Although Canada has not signed the Convention, many constituencies in the country are actively involved in promoting intangible cultural heritage, in developing new management strategies for it, and in identifying new directions for research. Museums are collecting oral traditions to document their ethnographic collections and increase community participation in exhibits, cities (like Montreal, Quebec, Rivière du Loup) are adding intangible heritage to their cultural policy to enhance the interpretation of their historic sites, and the provinces (Newfoundland, Quebec) are passing legislation in order to use it not only as a tool for safeguarding cultural diversity but also for promoting regional development and cultural tourism. Canada has internationally recognized expertise in the field through the Folklore Studies Association of Canada (FSAC) and its journal, Ethnologies, supported by Social Sciences and Humanities Research Council or Canada, and many renowned scholars such as Gerald Pocius of the Folklore Department of Memorial University who participated in the definition of intangible cultural heritage in the UNESCO 2003 Convention.[2] These are just a few of the many promises and new challenges of intangible cultural heritage. Created in 2013, the Canadian Intangible Cultural Heritage Network wishes to respond to them and contribute to making a Canada a world leader in this rapidly developing area of practice and knowledge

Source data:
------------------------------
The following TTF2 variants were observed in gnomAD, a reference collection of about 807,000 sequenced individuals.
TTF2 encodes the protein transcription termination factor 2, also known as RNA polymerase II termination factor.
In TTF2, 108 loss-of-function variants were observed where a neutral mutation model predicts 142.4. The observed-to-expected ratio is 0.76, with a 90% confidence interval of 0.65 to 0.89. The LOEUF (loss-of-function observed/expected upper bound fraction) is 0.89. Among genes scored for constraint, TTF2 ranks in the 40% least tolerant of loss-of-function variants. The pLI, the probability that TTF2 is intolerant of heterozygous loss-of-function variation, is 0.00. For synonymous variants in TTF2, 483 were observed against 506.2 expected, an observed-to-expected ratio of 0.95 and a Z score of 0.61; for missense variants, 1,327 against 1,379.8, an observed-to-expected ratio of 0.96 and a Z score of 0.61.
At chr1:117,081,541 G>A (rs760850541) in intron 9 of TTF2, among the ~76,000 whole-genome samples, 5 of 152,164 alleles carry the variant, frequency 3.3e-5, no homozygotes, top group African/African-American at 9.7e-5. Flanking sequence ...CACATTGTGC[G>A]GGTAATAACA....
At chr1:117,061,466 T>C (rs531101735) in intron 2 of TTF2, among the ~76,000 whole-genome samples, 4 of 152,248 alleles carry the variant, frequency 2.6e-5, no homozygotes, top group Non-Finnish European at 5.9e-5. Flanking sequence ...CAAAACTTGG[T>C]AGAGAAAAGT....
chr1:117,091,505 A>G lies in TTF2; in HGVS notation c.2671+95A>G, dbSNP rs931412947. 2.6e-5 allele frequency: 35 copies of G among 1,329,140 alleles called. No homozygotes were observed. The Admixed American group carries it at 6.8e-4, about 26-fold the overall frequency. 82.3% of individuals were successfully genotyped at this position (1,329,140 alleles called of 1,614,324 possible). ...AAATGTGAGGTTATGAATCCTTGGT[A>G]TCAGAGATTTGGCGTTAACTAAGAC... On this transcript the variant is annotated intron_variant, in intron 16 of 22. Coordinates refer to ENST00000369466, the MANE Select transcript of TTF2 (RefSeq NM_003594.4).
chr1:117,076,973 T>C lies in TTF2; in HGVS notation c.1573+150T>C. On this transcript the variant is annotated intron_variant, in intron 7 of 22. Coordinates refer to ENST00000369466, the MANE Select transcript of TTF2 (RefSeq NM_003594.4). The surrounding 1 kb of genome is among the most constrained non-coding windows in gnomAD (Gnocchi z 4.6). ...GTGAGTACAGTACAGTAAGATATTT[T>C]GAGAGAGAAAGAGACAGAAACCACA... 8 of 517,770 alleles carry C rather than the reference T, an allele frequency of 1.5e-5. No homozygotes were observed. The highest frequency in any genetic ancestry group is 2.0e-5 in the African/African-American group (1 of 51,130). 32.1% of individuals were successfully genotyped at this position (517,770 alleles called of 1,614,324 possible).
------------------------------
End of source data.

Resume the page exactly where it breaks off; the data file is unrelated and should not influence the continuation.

This conference aims to focus on the current and potential future uses of ICH. Although all proposals regarding this topic will be considered for inclusion in the conference program, participants are encouraged to submit paper proposals on the following themes:

–       the effects of listing ICH by UNESCO, states and municipalities;
–       the evolution of the practices of the Convention since it’s entry into force in 2006;
–       the difficulties encountered by communities in safeguarding ICH;
–       the uses of ICH for the sustainable development of local communities;
–       the transformative experiences of inventorying ICH;
–       the mediation of ICH through the use of information technologies;
–       the uses of ICH in museums and interpretation centers;
–       ICH and sustainable cultural tourism;
–       the uses of ICH in the understanding and mediation of tangible cultural heritage;
–       the politics of ICH in Canada and in the provinces;
–       the implications of Canada ratifying the 2003 UNESCO Convention.